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COMMONWEALTH PENNSYLVANIA v. BETTY JACKSON (03/23/78)

SUPREME COURT OF PENNSYLVANIA


decided: March 23, 1978.

COMMONWEALTH OF PENNSYLVANIA
v.
BETTY JACKSON, APPELLANT

COUNSEL

Ronald J. Brockington, Philadelphia, for appellant.

F. Emmett Fitzpatrick, Dist. Atty., Steven H. Goldblatt, Asst. Dist. Atty., Chief, Appeals Div., Gaele Barthold, Philadelphia, for appellee.

Eagen, C. J., and O'Brien, Roberts, Pomeroy, Nix, Manderino and Larsen, JJ.

Author: Per Curiam

[ 477 Pa. Page 196]

OPINION OF THE COURT

Appellant, Betty Jackson, was convicted of murder of the third degree and criminal conspiracy in a non-jury trial in the Court of Common Pleas of Philadelphia County. She filed "boiler plate" post-verdict motions for a new trial and in arrest of judgment. The motion in arrest of judgment was granted as to degree of guilt only, and the murder conviction was reduced to voluntary manslaughter. Appellant was sentenced to one and one-half to five years in prison for voluntary manslaughter and five years on probation for conspiracy, the sentences to run consecutively. She appeals from the judgment of sentence imposed on the voluntary manslaughter conviction.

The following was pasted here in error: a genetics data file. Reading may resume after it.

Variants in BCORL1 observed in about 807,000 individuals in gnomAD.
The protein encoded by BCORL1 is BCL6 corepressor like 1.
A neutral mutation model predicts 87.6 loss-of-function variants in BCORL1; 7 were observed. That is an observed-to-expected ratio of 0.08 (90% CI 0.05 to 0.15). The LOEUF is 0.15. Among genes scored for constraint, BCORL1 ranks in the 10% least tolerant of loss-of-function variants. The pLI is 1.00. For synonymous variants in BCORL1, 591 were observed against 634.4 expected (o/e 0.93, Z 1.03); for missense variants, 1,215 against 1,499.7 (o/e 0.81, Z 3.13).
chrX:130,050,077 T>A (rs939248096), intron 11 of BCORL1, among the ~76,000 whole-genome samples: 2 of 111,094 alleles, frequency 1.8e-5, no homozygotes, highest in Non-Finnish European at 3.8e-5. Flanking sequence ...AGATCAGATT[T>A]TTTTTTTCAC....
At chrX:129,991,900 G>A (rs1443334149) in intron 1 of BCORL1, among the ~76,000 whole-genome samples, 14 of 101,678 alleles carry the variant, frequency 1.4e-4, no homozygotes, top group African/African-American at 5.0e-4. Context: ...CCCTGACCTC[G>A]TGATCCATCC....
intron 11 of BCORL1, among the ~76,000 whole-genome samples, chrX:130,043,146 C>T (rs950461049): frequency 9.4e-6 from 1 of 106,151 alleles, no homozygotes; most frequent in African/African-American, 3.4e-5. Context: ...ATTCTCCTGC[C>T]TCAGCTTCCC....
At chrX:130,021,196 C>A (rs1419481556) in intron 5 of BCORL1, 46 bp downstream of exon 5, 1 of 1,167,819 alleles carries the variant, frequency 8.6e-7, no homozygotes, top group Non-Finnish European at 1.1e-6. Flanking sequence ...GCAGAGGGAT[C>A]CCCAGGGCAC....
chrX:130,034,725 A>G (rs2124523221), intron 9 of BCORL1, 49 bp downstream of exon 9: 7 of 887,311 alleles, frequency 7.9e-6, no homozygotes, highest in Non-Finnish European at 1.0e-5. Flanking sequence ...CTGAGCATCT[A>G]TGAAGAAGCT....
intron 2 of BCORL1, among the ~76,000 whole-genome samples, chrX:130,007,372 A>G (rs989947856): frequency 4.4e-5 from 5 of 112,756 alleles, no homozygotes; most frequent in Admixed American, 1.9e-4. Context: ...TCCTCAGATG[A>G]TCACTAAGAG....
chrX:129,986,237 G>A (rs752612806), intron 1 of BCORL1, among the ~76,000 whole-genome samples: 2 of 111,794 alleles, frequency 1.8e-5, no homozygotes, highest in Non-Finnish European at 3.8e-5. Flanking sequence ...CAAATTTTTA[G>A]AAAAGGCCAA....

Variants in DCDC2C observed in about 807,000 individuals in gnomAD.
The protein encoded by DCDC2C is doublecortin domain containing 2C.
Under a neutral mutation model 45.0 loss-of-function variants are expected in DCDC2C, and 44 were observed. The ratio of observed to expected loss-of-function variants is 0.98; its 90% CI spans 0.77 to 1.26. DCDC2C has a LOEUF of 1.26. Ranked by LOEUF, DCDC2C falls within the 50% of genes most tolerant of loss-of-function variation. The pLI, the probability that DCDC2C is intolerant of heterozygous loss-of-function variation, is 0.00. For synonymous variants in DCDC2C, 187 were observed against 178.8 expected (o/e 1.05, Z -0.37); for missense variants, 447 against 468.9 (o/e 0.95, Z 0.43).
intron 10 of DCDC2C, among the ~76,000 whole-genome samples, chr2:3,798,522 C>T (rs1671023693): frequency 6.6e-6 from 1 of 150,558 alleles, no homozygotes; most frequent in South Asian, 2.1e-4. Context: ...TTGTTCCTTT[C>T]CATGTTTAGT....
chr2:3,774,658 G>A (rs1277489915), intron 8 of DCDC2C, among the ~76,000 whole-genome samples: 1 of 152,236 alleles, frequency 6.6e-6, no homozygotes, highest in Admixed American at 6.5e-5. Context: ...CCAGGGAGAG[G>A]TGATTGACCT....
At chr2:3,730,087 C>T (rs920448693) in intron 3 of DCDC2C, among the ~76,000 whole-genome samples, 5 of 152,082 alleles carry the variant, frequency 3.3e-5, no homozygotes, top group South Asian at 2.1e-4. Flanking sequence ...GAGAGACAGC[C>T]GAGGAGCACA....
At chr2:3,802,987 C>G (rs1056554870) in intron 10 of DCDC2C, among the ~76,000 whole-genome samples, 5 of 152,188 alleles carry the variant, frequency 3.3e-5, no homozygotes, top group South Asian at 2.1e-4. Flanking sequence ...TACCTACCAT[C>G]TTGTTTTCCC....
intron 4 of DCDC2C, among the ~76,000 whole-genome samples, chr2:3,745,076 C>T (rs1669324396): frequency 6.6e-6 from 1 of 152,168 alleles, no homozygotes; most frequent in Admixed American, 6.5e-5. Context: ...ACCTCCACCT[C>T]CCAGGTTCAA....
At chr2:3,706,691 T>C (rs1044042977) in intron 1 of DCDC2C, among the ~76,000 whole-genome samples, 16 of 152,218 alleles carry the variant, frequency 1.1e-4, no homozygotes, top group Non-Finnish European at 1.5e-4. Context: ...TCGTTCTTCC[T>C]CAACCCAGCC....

Appellant raises allegations of error concerning the admissibility of her confession:

1. Her confession was a product of unnecessary delay between arrest and arraignment;

2. Her confession was involuntary because:

     a. An illegal arrest tainted her confession.

[ 477 Pa. Page 197]

    b. Miranda warnings were not given.

     c. There was unnecessary delay in arraignment.

None of the above issues is properly preserved for appellate review because of the failure to comply with this court's decision in Commonwealth v. Blair, 460 Pa. 31, 331 A.2d 213 (1975). Appellant filed "boiler plate" post-verdict motions in September, 1975, eight months after the decision in Blair, supra. Therefore, because of the lack of specificity required, appellant cannot challenge the admissibility of her confession.

Appellant's final argument deals with the propriety of the trial court's reducing the "degree of guilt" from murder of the third degree to voluntary manslaughter. This issue is, likewise, not properly preserved for appellate review. Appellant never objected to the diminished degree-of-guilt finding either at the sentencing or subsequent thereto.

Judgment of sentence affirmed.

19780323

© 1998 VersusLaw Inc.



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